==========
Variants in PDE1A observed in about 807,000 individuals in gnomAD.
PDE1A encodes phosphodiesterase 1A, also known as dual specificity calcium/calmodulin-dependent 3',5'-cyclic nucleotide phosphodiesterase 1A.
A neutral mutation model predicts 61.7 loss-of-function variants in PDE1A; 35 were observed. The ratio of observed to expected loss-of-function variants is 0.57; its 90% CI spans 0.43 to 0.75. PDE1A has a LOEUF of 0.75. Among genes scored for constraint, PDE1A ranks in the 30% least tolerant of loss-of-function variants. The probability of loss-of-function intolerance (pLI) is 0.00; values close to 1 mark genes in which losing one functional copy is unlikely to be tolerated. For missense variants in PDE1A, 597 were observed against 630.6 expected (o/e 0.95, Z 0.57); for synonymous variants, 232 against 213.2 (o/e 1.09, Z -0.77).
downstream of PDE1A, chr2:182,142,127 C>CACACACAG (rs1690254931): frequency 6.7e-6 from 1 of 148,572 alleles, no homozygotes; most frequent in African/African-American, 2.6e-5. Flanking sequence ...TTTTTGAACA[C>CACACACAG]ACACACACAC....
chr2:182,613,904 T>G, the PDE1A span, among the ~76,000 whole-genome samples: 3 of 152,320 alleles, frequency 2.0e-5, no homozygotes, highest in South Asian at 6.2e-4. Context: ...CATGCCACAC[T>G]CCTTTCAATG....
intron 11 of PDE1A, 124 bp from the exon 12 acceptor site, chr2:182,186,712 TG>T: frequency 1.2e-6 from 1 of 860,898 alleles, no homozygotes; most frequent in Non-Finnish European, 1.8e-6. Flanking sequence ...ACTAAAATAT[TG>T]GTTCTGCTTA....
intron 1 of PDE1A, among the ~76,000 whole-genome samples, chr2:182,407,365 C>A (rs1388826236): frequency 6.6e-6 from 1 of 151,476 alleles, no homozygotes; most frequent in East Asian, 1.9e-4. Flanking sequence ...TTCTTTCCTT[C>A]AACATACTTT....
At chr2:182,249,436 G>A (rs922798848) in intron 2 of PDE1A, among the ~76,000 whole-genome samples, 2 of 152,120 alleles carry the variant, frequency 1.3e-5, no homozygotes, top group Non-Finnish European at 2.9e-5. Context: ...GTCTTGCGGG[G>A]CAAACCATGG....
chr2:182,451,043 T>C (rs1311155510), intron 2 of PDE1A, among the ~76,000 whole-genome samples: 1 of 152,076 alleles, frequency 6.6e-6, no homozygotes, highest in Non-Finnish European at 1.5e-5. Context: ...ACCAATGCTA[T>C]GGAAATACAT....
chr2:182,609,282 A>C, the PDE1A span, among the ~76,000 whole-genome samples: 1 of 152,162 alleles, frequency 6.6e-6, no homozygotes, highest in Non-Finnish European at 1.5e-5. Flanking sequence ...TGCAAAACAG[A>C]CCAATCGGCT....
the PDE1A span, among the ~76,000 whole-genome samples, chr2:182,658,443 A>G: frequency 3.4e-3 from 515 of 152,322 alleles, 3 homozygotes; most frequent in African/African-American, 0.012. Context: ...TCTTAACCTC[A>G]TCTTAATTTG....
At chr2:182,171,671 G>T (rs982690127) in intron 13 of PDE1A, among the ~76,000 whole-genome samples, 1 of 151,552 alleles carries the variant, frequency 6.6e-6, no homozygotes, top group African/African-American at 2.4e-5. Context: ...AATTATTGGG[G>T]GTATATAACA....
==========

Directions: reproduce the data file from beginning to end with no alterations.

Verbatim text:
Variants in PDE1A observed in about 807,000 individuals in gnomAD.
PDE1A encodes phosphodiesterase 1A, also known as dual specificity calcium/calmodulin-dependent 3',5'-cyclic nucleotide phosphodiesterase 1A.
A neutral mutation model predicts 61.7 loss-of-function variants in PDE1A; 35 were observed. The ratio of observed to expected loss-of-function variants is 0.57; its 90% CI spans 0.43 to 0.75. PDE1A has a LOEUF of 0.75. Among genes scored for constraint, PDE1A ranks in the 30% least tolerant of loss-of-function variants. The probability of loss-of-function intolerance (pLI) is 0.00; values close to 1 mark genes in which losing one functional copy is unlikely to be tolerated. For missense variants in PDE1A, 597 were observed against 630.6 expected (o/e 0.95, Z 0.57); for synonymous variants, 232 against 213.2 (o/e 1.09, Z -0.77).
downstream of PDE1A, chr2:182,142,127 C>CACACACAG (rs1690254931): frequency 6.7e-6 from 1 of 148,572 alleles, no homozygotes; most frequent in African/African-American, 2.6e-5. Flanking sequence ...TTTTTGAACA[C>CACACACAG]ACACACACAC....
chr2:182,613,904 T>G, the PDE1A span, among the ~76,000 whole-genome samples: 3 of 152,320 alleles, frequency 2.0e-5, no homozygotes, highest in South Asian at 6.2e-4. Context: ...CATGCCACAC[T>G]CCTTTCAATG....
intron 11 of PDE1A, 124 bp from the exon 12 acceptor site, chr2:182,186,712 TG>T: frequency 1.2e-6 from 1 of 860,898 alleles, no homozygotes; most frequent in Non-Finnish European, 1.8e-6. Flanking sequence ...ACTAAAATAT[TG>T]GTTCTGCTTA....
intron 1 of PDE1A, among the ~76,000 whole-genome samples, chr2:182,407,365 C>A (rs1388826236): frequency 6.6e-6 from 1 of 151,476 alleles, no homozygotes; most frequent in East Asian, 1.9e-4. Flanking sequence ...TTCTTTCCTT[C>A]AACATACTTT....
At chr2:182,249,436 G>A (rs922798848) in intron 2 of PDE1A, among the ~76,000 whole-genome samples, 2 of 152,120 alleles carry the variant, frequency 1.3e-5, no homozygotes, top group Non-Finnish European at 2.9e-5. Context: ...GTCTTGCGGG[G>A]CAAACCATGG....
chr2:182,451,043 T>C (rs1311155510), intron 2 of PDE1A, among the ~76,000 whole-genome samples: 1 of 152,076 alleles, frequency 6.6e-6, no homozygotes, highest in Non-Finnish European at 1.5e-5. Context: ...ACCAATGCTA[T>C]GGAAATACAT....
chr2:182,609,282 A>C, the PDE1A span, among the ~76,000 whole-genome samples: 1 of 152,162 alleles, frequency 6.6e-6, no homozygotes, highest in Non-Finnish European at 1.5e-5. Flanking sequence ...TGCAAAACAG[A>C]CCAATCGGCT....
the PDE1A span, among the ~76,000 whole-genome samples, chr2:182,658,443 A>G: frequency 3.4e-3 from 515 of 152,322 alleles, 3 homozygotes; most frequent in African/African-American, 0.012. Context: ...TCTTAACCTC[A>G]TCTTAATTTG....
At chr2:182,171,671 G>T (rs982690127) in intron 13 of PDE1A, among the ~76,000 whole-genome samples, 1 of 151,552 alleles carries the variant, frequency 6.6e-6, no homozygotes, top group African/African-American at 2.4e-5. Context: ...AATTATTGGG[G>T]GTATATAACA....